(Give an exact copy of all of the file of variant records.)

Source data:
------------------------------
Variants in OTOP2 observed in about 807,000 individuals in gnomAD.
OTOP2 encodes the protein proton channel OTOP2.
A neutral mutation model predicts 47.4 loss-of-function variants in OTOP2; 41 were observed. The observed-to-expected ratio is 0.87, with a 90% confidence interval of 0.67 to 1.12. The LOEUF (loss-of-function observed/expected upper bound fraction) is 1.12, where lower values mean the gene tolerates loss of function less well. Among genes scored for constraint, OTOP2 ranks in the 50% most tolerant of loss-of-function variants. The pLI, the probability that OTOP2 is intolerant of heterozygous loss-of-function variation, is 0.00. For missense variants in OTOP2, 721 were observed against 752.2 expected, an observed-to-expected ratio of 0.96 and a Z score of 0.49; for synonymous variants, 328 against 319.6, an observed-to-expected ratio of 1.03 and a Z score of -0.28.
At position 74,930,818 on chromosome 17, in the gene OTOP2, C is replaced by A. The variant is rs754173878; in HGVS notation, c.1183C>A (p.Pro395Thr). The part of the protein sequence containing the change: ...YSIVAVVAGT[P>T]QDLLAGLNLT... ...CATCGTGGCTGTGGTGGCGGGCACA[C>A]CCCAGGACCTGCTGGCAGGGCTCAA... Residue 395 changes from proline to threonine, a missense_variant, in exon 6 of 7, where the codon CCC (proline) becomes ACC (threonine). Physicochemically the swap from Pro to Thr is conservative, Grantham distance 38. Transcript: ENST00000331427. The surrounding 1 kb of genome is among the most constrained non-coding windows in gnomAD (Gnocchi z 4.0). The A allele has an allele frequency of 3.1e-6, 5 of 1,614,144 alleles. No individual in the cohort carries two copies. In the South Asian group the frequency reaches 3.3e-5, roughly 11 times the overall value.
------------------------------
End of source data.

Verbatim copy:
Variants in OTOP2 observed in about 807,000 individuals in gnomAD.
OTOP2 encodes the protein proton channel OTOP2.
A neutral mutation model predicts 47.4 loss-of-function variants in OTOP2; 41 were observed. The observed-to-expected ratio is 0.87, with a 90% confidence interval of 0.67 to 1.12. The LOEUF (loss-of-function observed/expected upper bound fraction) is 1.12, where lower values mean the gene tolerates loss of function less well. Among genes scored for constraint, OTOP2 ranks in the 50% most tolerant of loss-of-function variants. The pLI, the probability that OTOP2 is intolerant of heterozygous loss-of-function variation, is 0.00. For missense variants in OTOP2, 721 were observed against 752.2 expected, an observed-to-expected ratio of 0.96 and a Z score of 0.49; for synonymous variants, 328 against 319.6, an observed-to-expected ratio of 1.03 and a Z score of -0.28.
At position 74,930,818 on chromosome 17, in the gene OTOP2, C is replaced by A. The variant is rs754173878; in HGVS notation, c.1183C>A (p.Pro395Thr). The part of the protein sequence containing the change: ...YSIVAVVAGT[P>T]QDLLAGLNLT... ...CATCGTGGCTGTGGTGGCGGGCACA[C>A]CCCAGGACCTGCTGGCAGGGCTCAA... Residue 395 changes from proline to threonine, a missense_variant, in exon 6 of 7, where the codon CCC (proline) becomes ACC (threonine). Physicochemically the swap from Pro to Thr is conservative, Grantham distance 38. Transcript: ENST00000331427. The surrounding 1 kb of genome is among the most constrained non-coding windows in gnomAD (Gnocchi z 4.0). The A allele has an allele frequency of 3.1e-6, 5 of 1,614,144 alleles. No individual in the cohort carries two copies. In the South Asian group the frequency reaches 3.3e-5, roughly 11 times the overall value.